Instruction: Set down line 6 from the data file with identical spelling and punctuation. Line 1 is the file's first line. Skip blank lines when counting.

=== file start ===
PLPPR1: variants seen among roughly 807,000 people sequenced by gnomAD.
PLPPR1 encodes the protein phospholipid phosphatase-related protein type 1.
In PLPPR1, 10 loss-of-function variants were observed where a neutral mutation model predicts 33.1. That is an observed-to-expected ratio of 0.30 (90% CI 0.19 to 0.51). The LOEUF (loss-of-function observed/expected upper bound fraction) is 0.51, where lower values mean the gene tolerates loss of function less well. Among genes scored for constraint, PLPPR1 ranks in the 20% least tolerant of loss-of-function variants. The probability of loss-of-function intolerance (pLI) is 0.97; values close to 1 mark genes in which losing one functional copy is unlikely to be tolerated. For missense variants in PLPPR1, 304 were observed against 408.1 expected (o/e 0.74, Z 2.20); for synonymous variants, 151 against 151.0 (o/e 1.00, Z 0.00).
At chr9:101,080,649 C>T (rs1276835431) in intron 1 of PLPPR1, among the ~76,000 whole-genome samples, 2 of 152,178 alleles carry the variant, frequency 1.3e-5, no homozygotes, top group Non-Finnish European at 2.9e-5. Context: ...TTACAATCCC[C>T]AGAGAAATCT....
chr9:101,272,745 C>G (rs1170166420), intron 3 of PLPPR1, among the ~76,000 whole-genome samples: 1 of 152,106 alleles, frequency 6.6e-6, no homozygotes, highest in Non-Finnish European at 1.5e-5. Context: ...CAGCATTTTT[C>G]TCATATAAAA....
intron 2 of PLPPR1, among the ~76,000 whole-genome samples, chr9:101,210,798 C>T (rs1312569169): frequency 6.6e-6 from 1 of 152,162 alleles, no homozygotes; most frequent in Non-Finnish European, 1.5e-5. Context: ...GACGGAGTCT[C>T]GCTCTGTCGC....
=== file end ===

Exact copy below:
intron 2 of PLPPR1, among the ~76,000 whole-genome samples, chr9:101,210,798 C>T (rs1312569169): frequency 6.6e-6 from 1 of 152,162 alleles, no homozygotes; most frequent in Non-Finnish European, 1.5e-5. Context: ...GACGGAGTCT[C>T]GCTCTGTCGC....